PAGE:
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John F. Germ
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Our President
 Can-Do Sandhu
Lucky Sandhu
member photo
Aug 10, 2017
Dauntless Communications
Aug 17, 2017
San Ramon Libraries - Hear about programs & services at the Dougherty Station & San Ramon Libraries
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Our Greeter this week:
Terry Koehne (pronounced Kay-nee) is the Chief Communications Officer for the Contra Costa County Office of Education. In his role, Terry acts as spokesperson for the County Office of Education, and plans, organizes and directs the operations and activities of the Communications department. Prior to assuming the position with CCCOE, Terry spent 20 years as the Communication and Community Relations Director for the San Ramon Valley Unified School District.
Terry was awarded “Employee of the Year, 2012” by the Danville Area Chamber of Commerce, “Employee of the Year, 2008” by the San Ramon Chamber of Commerce, “2010 Annual Honoree” by the San Ramon Valley Education Foundation, the Paul Harris Fellow distinction from the San Ramon Rotary, and twice given honorary service awards by the San Ramon Valley Council of PTA’s.
A Bay Area native and former Radio Sports Broadcaster (KSFO, San Francisco), Terry is married (Christine) with two children (Trevor and Rachel) and currently resides in San Ramon. He has one child in private college (Creighton University in Omaha, Nebraska - which explains why his shoes have holes) and one child at Cal High (sophomore). He enjoys coaching his kids, playing softball and water sports.
Schedule of Greeters
August 10
Koehne, Terry
August 17
Litteral, Stacy
August 24
Marrs, Jerry
August 31
Gunning, Mike
Greeter Protocol
When you are assigned the duty of being our greeter, you should remember the following:

1. You should be at the meeting by 11:45 AM in order to greet everyone as they come to the meeting.

2. You should bring a "Greeter's Gift" for the raffle. The gift should be approximately $20.00 in value.

3. You will be leading the giving the inspiration of the day, leading the salute to the flag, and introducing the visiting Rotarians. It is a good idea to watch the visiting Rotarians sign in, so that you can ask them about any complicated names or classifications.

4. If you cannot attend, it is your responsibility to find a replacement.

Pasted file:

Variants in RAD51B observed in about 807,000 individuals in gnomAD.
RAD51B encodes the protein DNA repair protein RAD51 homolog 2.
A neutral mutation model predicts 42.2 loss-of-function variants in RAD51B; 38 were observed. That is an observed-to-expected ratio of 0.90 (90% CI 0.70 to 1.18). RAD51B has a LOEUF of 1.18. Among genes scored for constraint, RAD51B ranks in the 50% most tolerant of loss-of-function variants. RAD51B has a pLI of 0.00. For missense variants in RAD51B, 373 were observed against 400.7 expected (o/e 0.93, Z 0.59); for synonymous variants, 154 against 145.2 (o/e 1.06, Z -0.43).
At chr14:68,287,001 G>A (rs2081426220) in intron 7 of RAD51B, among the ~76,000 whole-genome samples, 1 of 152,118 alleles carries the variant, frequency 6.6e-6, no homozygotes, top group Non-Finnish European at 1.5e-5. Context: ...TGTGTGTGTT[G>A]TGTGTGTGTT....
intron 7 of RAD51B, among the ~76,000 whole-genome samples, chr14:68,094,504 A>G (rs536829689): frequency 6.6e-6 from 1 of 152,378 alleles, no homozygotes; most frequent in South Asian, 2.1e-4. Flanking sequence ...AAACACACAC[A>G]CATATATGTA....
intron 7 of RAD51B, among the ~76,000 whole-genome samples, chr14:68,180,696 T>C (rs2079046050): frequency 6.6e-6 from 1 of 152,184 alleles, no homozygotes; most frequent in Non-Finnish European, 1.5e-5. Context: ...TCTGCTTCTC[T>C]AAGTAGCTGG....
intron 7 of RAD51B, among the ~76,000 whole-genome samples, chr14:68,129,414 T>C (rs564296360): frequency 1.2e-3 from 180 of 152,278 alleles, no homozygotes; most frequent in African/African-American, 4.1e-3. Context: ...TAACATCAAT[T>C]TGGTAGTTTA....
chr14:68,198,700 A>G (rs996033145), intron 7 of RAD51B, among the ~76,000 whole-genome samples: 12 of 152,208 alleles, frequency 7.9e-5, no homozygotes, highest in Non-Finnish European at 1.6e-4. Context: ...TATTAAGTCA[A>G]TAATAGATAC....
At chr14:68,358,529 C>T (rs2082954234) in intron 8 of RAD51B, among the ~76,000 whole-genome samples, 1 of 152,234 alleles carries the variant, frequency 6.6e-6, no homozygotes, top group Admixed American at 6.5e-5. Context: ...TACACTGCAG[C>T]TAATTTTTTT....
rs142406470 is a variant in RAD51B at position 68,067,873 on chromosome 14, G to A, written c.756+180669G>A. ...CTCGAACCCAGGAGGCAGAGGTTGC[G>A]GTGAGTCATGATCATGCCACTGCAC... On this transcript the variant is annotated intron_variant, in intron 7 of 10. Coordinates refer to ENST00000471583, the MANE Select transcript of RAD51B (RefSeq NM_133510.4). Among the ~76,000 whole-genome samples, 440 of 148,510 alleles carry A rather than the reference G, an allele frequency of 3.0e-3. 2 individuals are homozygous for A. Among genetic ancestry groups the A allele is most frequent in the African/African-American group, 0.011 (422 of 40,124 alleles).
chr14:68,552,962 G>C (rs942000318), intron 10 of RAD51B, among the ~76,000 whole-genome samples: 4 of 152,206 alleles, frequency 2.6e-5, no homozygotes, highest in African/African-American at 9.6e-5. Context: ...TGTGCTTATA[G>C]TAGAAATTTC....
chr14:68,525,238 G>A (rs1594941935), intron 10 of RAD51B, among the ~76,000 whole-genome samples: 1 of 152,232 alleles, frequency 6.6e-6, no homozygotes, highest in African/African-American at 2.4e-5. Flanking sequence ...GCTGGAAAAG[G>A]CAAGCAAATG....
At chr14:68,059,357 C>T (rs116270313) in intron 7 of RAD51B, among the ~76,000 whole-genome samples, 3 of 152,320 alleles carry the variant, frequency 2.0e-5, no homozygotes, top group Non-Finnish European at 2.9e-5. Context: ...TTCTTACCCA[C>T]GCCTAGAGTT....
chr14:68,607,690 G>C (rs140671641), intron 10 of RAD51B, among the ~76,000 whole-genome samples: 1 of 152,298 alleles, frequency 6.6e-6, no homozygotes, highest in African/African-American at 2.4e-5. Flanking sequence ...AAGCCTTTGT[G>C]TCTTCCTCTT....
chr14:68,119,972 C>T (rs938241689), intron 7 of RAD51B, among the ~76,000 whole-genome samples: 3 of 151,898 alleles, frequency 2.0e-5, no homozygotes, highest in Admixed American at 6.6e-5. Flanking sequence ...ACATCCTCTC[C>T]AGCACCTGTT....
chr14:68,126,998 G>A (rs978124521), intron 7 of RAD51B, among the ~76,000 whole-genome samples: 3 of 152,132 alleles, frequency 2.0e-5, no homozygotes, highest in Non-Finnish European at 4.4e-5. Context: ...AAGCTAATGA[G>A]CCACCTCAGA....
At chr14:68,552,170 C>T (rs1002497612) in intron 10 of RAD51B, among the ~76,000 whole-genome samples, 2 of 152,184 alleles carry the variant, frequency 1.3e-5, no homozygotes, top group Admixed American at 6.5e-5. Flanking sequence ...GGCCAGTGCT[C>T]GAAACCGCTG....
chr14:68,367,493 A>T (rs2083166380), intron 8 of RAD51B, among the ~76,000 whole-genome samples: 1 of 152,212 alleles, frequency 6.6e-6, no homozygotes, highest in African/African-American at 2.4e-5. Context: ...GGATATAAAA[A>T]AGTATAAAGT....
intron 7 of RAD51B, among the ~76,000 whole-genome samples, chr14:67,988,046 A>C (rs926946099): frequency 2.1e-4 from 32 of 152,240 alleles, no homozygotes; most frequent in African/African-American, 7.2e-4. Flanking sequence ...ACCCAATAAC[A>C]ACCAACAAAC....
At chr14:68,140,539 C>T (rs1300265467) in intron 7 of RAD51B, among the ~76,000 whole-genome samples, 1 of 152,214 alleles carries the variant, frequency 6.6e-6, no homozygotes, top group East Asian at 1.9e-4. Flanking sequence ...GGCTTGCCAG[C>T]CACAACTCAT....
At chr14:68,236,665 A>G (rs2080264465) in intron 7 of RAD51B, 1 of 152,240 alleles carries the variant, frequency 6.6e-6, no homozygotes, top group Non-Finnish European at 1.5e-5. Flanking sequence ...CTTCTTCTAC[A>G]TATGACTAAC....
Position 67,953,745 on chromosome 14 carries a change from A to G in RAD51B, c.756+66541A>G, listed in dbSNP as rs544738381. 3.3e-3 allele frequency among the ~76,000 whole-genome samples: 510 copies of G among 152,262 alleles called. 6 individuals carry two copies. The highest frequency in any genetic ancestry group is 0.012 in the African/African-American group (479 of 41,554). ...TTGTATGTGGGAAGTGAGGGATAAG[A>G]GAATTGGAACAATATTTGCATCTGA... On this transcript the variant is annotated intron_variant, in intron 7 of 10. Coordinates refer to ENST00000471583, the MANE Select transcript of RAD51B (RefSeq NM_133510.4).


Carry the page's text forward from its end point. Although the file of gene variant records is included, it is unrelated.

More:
Russell Hampton
National Awards Services Inc.
Welcome to the Rotary Club of San Ramon
Service Above Self
We meet Thursdays at 12:00 PM
Crow Canyon Country Club
711 Silver Lake Dr.
Danville, CA  94526
United States
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Meeting Notes for August 3, 2017
By: Dr. Bill Harlan
Our President, Can-Do Sandhu, decided to come back for today’s meeting after all.  After reminding us that Ian Reisling is our RI President, he introduced our Greeter, Don Jones, who gave us a Charles Schultz definition of a “friend”: “A friend is someone who says something nice about you even when you’re not around.”  He led us in the Salute and told us that he was figuring out how to turn his insurance business over to his kids.  The Blackhawk Mafia (Jones, Welm. Disch) led us in “My Country  ‘Tis of Thee.”   Lucky showed  off his presidential wardrobe,  an ugly plantation hat and a pair of pants that can only be called, charitably, “unusual.”  Lucky credited his fashion advisor, Colette Lay, with his outfit.  Discussion ensued as to how to make the hat and pants disappear and what excuse Lucky might use to explain their being missing.  An anxious world awaits.
Auction Update:
Kathy Gailey warns that we need the items for the auction by August 15.  She introduced the team who have been working shops in Danville getting items: Dennis Harvey, Guy Greco, Chris Gayler and Lucky Sandhu.  They illustrated the different pitches that they use in their successful effort.  We learned that there are about 40,000 students who are in the San Ramon Valley District and that about 15,000 potential customers visit the auction on-line.  We are putting up the business logos of all donors right now on the auction site.